Uutoni begs for more money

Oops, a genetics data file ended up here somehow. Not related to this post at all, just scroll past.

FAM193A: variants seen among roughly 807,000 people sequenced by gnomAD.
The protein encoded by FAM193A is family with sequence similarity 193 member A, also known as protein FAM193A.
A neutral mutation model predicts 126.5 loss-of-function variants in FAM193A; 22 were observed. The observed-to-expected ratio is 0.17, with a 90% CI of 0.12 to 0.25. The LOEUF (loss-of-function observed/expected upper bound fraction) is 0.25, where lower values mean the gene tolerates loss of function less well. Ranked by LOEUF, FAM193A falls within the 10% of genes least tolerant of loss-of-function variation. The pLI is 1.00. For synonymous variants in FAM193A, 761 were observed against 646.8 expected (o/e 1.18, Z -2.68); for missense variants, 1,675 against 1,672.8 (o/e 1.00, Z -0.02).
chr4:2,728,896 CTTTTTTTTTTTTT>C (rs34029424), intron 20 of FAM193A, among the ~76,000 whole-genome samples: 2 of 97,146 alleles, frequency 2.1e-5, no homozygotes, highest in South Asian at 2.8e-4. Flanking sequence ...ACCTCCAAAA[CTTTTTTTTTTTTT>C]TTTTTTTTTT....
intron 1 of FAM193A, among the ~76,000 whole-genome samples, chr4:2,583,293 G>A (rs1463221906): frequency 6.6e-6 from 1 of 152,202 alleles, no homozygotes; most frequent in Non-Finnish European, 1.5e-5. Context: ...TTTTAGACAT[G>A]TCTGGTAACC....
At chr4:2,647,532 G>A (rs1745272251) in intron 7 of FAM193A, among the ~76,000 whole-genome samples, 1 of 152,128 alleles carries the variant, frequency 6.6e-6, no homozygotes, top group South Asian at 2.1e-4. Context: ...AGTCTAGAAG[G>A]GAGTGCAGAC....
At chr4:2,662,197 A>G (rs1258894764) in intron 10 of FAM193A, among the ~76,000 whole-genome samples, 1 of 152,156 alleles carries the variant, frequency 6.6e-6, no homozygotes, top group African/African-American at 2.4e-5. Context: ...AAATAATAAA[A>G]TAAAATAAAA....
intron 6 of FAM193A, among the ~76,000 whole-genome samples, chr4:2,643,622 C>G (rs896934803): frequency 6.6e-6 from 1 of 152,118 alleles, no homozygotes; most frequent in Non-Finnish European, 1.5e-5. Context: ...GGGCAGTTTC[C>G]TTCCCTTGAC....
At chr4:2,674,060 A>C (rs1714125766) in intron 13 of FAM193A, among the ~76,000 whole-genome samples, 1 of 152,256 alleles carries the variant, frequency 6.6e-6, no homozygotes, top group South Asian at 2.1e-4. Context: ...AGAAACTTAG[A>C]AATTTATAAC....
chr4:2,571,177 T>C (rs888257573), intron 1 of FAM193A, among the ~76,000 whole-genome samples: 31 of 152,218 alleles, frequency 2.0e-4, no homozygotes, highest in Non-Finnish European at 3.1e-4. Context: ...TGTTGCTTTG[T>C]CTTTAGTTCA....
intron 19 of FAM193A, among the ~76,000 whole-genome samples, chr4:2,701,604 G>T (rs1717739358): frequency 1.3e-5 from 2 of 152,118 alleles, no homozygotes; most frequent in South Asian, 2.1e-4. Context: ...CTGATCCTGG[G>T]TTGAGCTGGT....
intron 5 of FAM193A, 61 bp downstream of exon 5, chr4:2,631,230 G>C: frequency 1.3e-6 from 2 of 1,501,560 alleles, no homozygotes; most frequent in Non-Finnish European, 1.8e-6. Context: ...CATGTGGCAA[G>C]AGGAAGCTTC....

THE disappointment of having national  sport teams fail to honour their international  commitments could rear  its head once again, if government fails to  allocate sufficient funds towards national  teams that are scheduled to compete internationally  during the remainder of this year,  and by extension early next year.  Namibia has in the recent past seen the  national Under-23 football team denied an  opportunity to campaign for the Africa Cup  of Nations, the tournament will determine  which countries will represent the continent  at the 2022 Olympics in Tokyo, Japan.  The Under-23 national side were pitted  against Angola late last year but they withdrew  from the scheduled encounter due to  lack of funds. The national Under-20 team  also had to sacrifice their ambition on the  altar of economic austerity by withdrawing  from the Council of Southern African Football  Associations (COSAFA) Cup in Zambia  in 2018, while the Under-17 side was also  not able to compete in the regional tournament  for financial reasons a few years ago.  In the 2019/20 budgetary allocation the  Ministry of Sport, Youth and National Service  received N$286 million, with N$255.2  million for its operational budget and  N$30.8 million for the development budget.  During his budget motivation statement  early last week, Minister of Sport, Youth and  National Service Erastus Uutoni pleaded  with fellow parliamentarians to direct sufficient  funds, as needed by the various  sport teams to honour their international  sporting commitments that  apparently did not receive any budgetary  consideration during the  previous financial year.  The minister pointed out  that the country had made  great strides and qualified  for international games  scheduled for this year,  and therefore a capital  injection was  required to ensure  the teams’ intensive  preparation, which  involves mainly training  camps and offering performance incentives.  “It is imperative for Namibia to  participate in these activities and  a failure to participate will result in  penalties against the country that  are normally higher than the participation  costs,” warned Uutoni.  Under the hammer are the Brave Warriors  and Welwitschias (senior national rugby  team), who unfortunately will not get any  funding for their respective participation in  the 2019 Africa Cup of Nations (AFCON)  and the senior national team scheduled to  compete in the 2019 International Rugby  Board (IRB) world cup in Tokyo, Japan.  The Sport Minister singled out Namibia’s  participation at the 2019 African Games  slotted for Morocco later this year. “It is  clear that the allocation to the ministry will  not be sufficient to cater for the participation  of the Brave Warriors, set to take part in  the 2019 AFCON Cup, as well 2019 Rugby  world cup.”  To add salt to the injury, the minister said  the senior hockey women team with their  exceptional ranking of 42 in the world and  number one ranking on the continent, as  well as being crowned African Open Series  champions last year, are eligible to participate  in the 2020 Olympic qualifiers, taking  on Spain in June.  He added that the Namibian Paralympic  team would participate in two major  competitions that serve as qualifiers for the  2020 Paralympic Games during the current  book-year, and were scheduled to take part  in the International Paralympic Committee  (IPC) World Championship in Dubai,  United Arab Emirates in November, including  the African Paralympic Games scheduled  for January next year.  “The teams need to go into training  camps, which amongst others include competition  against other national teams,” Uutoni  reminded the House.